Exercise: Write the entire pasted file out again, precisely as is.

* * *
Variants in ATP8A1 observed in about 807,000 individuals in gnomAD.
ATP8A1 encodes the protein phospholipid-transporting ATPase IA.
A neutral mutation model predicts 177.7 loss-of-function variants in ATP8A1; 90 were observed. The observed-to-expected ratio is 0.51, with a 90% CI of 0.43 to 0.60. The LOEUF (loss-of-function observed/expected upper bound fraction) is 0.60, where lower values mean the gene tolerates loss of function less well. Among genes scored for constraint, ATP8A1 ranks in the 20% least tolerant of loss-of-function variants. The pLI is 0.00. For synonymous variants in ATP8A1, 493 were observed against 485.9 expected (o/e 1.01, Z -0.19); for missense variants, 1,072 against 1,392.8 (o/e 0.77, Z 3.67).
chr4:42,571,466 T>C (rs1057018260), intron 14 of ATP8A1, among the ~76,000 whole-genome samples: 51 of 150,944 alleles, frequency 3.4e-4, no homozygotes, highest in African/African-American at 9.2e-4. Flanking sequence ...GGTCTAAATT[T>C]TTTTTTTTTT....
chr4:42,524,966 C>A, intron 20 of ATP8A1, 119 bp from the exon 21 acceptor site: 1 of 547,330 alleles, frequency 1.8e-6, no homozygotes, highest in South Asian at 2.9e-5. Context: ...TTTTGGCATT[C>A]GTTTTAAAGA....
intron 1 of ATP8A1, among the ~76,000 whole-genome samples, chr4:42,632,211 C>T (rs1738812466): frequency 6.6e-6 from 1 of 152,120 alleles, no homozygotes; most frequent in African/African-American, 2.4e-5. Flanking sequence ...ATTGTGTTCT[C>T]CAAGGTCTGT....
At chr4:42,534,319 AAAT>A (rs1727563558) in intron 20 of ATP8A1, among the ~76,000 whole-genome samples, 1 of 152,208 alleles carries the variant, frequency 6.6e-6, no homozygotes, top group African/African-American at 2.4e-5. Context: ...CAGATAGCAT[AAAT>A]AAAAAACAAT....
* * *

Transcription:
Variants in ATP8A1 observed in about 807,000 individuals in gnomAD.
ATP8A1 encodes the protein phospholipid-transporting ATPase IA.
A neutral mutation model predicts 177.7 loss-of-function variants in ATP8A1; 90 were observed. The observed-to-expected ratio is 0.51, with a 90% CI of 0.43 to 0.60. The LOEUF (loss-of-function observed/expected upper bound fraction) is 0.60, where lower values mean the gene tolerates loss of function less well. Among genes scored for constraint, ATP8A1 ranks in the 20% least tolerant of loss-of-function variants. The pLI is 0.00. For synonymous variants in ATP8A1, 493 were observed against 485.9 expected (o/e 1.01, Z -0.19); for missense variants, 1,072 against 1,392.8 (o/e 0.77, Z 3.67).
chr4:42,571,466 T>C (rs1057018260), intron 14 of ATP8A1, among the ~76,000 whole-genome samples: 51 of 150,944 alleles, frequency 3.4e-4, no homozygotes, highest in African/African-American at 9.2e-4. Flanking sequence ...GGTCTAAATT[T>C]TTTTTTTTTT....
chr4:42,524,966 C>A, intron 20 of ATP8A1, 119 bp from the exon 21 acceptor site: 1 of 547,330 alleles, frequency 1.8e-6, no homozygotes, highest in South Asian at 2.9e-5. Context: ...TTTTGGCATT[C>A]GTTTTAAAGA....
intron 1 of ATP8A1, among the ~76,000 whole-genome samples, chr4:42,632,211 C>T (rs1738812466): frequency 6.6e-6 from 1 of 152,120 alleles, no homozygotes; most frequent in African/African-American, 2.4e-5. Flanking sequence ...ATTGTGTTCT[C>T]CAAGGTCTGT....
At chr4:42,534,319 AAAT>A (rs1727563558) in intron 20 of ATP8A1, among the ~76,000 whole-genome samples, 1 of 152,208 alleles carries the variant, frequency 6.6e-6, no homozygotes, top group African/African-American at 2.4e-5. Context: ...CAGATAGCAT[AAAT>A]AAAAAACAAT....